Underneath it all, I feel like my own inability to clarify, communicate and uphold clear, consistent, strong boundaries has been at the heart of my parenting woes from the beginning. And I’m still learning. My oldest is 16. The kids know I don’t play on some things. For those things, I’m clear, but that still leaves a lot of other opportunities for clarity. My thirteen year old son was the one who said he wished they had a clear indication of where “the line” is. As I really reflect on how am I communicating to them, how am I conveying where “the line” is, it brings to the surface the importance of clear boundaries. We talked about indicators of “the line”, aka boundaries, and we talked about a stern voice, directives – do this, don’t do this. Those are lines and when people wait and push and go beyond them, conflict results.

When this happens, force can arise and it may circumvent or interfere with utilizing our power intentionally. Force can originate as a genuine protective instinct of ourselves or others, and then transfer into an aggressive action or when we feel we are superior to another it can manifest as a dominant aggressive action. As parents, protection is part of our role and function. There’s no doubt that if we didn’t have some sort of protective instinct towards our children then in some instances they would not survive. We don’t want to turn our instincts off; but we can benefit from being aware of them and how they move within us. I’m really noticing and exploring in myself the difference between those forceful mechanisms we have as human beings and being able to dive deeper into the essence of the presence that we are, which does not move with force, that naturally moves with power and does not need aggression to influence change and harmony.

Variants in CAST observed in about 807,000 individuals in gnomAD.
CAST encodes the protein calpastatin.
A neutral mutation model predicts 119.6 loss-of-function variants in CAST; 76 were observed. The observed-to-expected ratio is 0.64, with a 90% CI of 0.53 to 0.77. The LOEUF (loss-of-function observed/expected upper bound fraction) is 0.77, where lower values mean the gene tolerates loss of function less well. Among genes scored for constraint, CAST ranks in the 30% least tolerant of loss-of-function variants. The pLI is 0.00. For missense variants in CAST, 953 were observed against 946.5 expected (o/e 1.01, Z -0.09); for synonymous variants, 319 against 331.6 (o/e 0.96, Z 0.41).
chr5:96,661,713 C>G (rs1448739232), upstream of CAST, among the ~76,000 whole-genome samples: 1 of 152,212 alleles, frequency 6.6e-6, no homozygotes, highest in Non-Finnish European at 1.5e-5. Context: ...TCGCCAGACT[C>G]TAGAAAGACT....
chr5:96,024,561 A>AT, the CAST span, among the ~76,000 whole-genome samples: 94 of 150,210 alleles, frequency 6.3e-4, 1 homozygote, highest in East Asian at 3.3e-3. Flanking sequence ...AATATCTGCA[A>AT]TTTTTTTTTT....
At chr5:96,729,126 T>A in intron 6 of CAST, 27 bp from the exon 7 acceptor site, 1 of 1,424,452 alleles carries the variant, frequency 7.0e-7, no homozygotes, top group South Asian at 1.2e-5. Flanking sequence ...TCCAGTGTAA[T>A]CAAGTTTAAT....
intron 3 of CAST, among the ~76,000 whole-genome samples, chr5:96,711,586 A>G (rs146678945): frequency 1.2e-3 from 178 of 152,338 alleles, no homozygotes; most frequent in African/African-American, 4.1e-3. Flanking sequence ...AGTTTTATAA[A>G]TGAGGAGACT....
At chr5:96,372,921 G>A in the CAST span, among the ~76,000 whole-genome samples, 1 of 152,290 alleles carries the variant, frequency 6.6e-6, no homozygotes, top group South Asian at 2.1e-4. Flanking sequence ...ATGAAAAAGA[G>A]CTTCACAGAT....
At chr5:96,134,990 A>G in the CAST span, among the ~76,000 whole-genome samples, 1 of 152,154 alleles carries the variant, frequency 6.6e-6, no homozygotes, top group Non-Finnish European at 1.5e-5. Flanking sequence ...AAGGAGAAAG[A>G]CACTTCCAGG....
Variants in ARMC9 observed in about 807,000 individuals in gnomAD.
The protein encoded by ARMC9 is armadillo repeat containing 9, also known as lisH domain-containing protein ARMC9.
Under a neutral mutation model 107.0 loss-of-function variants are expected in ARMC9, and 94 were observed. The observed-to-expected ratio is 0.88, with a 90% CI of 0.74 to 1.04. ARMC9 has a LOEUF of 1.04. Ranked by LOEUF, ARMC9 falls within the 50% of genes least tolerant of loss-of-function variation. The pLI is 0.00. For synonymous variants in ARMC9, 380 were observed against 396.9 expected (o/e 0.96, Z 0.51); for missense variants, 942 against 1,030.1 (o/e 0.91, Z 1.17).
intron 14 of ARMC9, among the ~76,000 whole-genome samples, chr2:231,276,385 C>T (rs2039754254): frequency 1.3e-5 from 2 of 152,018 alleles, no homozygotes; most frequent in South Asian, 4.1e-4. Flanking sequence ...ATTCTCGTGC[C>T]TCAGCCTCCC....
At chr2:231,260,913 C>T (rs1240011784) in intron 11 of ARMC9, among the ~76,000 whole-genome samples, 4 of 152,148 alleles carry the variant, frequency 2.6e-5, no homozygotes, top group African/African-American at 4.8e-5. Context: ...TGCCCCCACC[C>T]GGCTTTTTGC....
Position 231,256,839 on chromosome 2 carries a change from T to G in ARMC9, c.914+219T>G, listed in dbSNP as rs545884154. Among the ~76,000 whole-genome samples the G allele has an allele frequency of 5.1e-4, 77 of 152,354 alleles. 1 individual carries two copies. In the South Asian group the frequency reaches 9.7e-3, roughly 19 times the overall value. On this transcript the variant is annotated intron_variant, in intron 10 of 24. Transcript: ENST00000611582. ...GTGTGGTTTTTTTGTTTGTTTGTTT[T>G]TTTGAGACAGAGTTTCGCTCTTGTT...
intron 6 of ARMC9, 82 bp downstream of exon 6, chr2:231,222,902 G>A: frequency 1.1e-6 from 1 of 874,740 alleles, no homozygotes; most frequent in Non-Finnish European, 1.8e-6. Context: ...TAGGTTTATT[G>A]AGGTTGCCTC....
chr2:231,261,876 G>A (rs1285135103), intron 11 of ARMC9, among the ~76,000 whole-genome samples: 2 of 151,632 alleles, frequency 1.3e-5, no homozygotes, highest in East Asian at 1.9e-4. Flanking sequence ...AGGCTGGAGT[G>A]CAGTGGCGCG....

With all of this, what I’m really trying to share here with you, is that I want Force Free Parenting written. I want this to be a way of life we can actually share with our children. I want to live it with my children, consistently. I’m struggling, but I’m still committed. I realize there are others who write and advocate about this way of parenting, some who have it down more than I do. I am genuinely grateful for them and continue to learn from what they are sharing. Sometimes I wonder if what I have to share is really needed, and yet the nudge to eventually write (and live) this book still burns within me. Somehow what I feel moved to share may be of benefit to mix in with the rest, a voice to go along with the chorus of voices advocating for the end of the oppression of children and the stability of adult child interactions everywhere. While I don’t know if this book will actually ever come into being any more than it is right now, I appreciate any support you can extend in its living completion and application in the lives which it touches.

For now, if you are one of the handful of people who previously purchased access to the book, I am offering refunds through the end of December 2016 because I don’t know for sure when/if it will be completed. Please contact me with the email you purchased with and I’ll refund your money. When/if I decide to open the book back up for reading, it’ll be free and there will be no guarantees on the time for completion.

Thanks again and take gentle care,
Amy

And the light...


Are you struggling as a parent? If so, I’d like to share something with you: a story and some hope.